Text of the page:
373 F.2d 1
GREEN STREET ASSOCIATION, James Batts, Velma Batts, and all other plaintiffs named in the Complaint, Plaintiffs-Appellants,
Richard J. DALEY, City of Chicago, Department of Urban Renewal of the City of Chicago, Lewis W. Hill, Robert C. Weaver, William L. Slayton and A. Dean Swartzel, Defendants-Appellees.
United States Court of Appeals Seventh Circuit.
January 25, 1967.
Richard F. Watt, Helen Hart Jones, Irving M. King, Cotton, Watt, Jones & King, Chicago, Ill., for appellant.
Merrill A. Freed, Joel Sprayregen, Ronald H. Silverman, Chicago, Ill., for amicus curiae.
Thomas A. Foran, Sp. Asst. Corp. Counsel, Chicago, Ill., Alan S. Rosenthal, Dept. of Justice, Martin Jacobs, Atty., Washington, D. C., Raymond F. Simon, Corp. Counsel, Edward V. Hanrahan, U. S. Atty., Chicago, Ill., J. William Doolittle, Acting Asst. Atty. Gen., Robert V. Zener, Atty., Dept. of Justice, Washington, D. C., for appellees, Robert E. Wiss, Chicago, Ill., of counsel.
Before CASTLE, SWYGERT, and CUMMINGS, Circuit Judges.
SWYGERT, Circuit Judge.
This appeal is from a dismissal1 of an action filed by the Green Street Association, a not-for-profit corporation organized to protect and promote the interests of residents of a section of Chicago known as the Central Englewood Area, and approximately 125 individual Negroes who are owners or lessees of property in this section of the city. The plaintiffs sought a judicial review of an urban renewal project covering the area.
The Central Englewood Area is part of a much larger section of Chicago which in 1956 was designated as the Englewood Conservation Area by the Chicago Community Conservation Board pursuant to the urban renewal statutes of Illinois. This section consists of more than 3,000 acres of land and has a population of approximately 140,000 people. A conservation plan for this area was adopted by the Chicago City Council in 1962. Subsequently, a number of redevelopment projects covering portions of the area were planned and approved. Among these is the Central Englewood Project, consisting of an area of approximately seventy-five acres. Within the Project area there are twenty-two acres of residential property and twenty-seven acres on which approximately 150 structures of a nonresidential character are located. The initial surveying and planning work of the Project was started in 1961 by the Chicago Community Conservation Board. The work was partially financed by the federal government pursuant to the provisions of 42 U.S.C. § 1452. Thereafter the Chicago Department of Urban Renewal, successor to the Community Conservation Board, prepared a redevelopment plan for the area pursuant to the provisions of the Illinois Urban Renewal Consolidation Act of 1961, Ill.Rev.Stat. ch. 67½, §§ 91.101-91.136 (1965), and in July 1964 the Chicago City Council passed an ordinance approving the plan, which calls for an expenditure of public funds in excess of thirteen million dollars. The Project was organized, planned, and presented pursuant to regulations prescribed by the Housing and Home Finance Agency under the federal urban renewal statutes, 42 U.S.C. §§ 1450-1465.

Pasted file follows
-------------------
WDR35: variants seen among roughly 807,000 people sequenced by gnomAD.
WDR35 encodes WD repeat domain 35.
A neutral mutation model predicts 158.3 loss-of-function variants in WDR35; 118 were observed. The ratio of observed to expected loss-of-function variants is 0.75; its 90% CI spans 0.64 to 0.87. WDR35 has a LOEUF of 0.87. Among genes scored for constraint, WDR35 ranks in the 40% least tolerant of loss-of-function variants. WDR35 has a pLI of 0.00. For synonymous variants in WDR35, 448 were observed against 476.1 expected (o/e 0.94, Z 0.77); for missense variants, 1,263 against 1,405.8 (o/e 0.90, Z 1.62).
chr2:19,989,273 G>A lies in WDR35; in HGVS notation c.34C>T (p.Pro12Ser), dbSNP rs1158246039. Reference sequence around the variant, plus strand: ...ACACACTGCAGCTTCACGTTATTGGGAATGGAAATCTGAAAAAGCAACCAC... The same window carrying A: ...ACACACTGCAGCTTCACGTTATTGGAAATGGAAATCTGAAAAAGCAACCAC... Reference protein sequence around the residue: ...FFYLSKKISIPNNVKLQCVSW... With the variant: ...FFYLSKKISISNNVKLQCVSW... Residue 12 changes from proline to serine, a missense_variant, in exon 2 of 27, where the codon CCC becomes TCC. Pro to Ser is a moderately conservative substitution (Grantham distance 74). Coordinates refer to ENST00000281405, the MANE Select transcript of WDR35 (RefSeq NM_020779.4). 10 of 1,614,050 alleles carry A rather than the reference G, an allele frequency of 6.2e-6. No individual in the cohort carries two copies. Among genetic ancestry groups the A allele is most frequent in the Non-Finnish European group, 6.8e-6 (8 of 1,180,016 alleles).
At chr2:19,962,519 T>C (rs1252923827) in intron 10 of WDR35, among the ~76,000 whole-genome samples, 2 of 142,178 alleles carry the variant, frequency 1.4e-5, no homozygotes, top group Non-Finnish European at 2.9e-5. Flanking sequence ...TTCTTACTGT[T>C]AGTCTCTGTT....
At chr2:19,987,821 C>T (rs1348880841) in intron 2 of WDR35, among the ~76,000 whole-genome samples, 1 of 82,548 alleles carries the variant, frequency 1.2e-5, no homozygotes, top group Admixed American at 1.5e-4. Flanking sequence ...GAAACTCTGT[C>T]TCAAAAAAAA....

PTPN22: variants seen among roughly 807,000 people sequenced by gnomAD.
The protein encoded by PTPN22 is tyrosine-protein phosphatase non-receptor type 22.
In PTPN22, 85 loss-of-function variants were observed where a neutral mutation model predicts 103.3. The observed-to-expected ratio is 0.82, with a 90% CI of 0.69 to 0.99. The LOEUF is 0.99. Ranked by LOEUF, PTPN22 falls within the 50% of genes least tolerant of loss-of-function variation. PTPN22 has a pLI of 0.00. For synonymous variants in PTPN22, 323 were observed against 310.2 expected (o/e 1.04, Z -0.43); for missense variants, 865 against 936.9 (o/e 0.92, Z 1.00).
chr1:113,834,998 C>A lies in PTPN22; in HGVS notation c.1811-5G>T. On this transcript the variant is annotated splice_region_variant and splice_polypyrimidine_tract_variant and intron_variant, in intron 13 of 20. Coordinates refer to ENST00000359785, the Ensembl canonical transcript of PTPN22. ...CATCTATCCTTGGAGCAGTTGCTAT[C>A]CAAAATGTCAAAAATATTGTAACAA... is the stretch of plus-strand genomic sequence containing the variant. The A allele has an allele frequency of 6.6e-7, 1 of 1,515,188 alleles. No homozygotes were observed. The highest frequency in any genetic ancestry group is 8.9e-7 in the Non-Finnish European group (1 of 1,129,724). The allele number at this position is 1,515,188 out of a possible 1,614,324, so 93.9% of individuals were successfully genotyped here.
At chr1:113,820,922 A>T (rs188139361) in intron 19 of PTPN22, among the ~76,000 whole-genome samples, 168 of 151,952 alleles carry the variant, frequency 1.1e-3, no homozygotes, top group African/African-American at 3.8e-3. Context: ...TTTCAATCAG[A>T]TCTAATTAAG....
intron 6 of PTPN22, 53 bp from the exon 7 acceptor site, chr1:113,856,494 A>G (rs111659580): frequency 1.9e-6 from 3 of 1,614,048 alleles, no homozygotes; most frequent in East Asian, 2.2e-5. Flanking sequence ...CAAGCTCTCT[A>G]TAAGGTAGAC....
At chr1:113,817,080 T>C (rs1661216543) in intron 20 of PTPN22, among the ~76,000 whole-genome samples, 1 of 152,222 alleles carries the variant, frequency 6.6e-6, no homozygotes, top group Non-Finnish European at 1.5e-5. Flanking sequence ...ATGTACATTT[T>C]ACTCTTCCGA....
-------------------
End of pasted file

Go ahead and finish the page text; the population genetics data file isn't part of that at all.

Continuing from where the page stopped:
The Project will entail the construction and reconstruction of various streets, bypasses, and parking lots associated with and incident to the revitalization of a shopping center which services the entire Englewood area. This work will require the acquisition by eminent domain of approximately 300 buildings, consisting of about 600 dwelling units, eighty-five per cent of which are occupied by Negroes. Plaintiffs seek to enjoin the acquisitions and to have the Central Englewood Project declared invalid.
It is the theory of the complaint that the Central Englewood Project is not a good faith urban renewal, but rather a deliberate plan to create a no-Negro "buffer zone" between the shopping area and the surrounding residential community so that the shopping area will be more attractive to white customers and thereby rescue the commercial trade and business of the area from a declining condition. The plaintiffs also contend that this urban renewal plan fails to satisfy constitutional requirements of due process and freedom from discrimination to which the plaintiffs are entitled, since it was approved by the Chicago City Council without an adequate hearing and because it proposes a relocation of the residents in the cleared area in accordance with segregated housing patterns prevalent in Chicago. In this appeal, the plaintiffs challenge the dismissal of three of the five counts contained in their original complaint.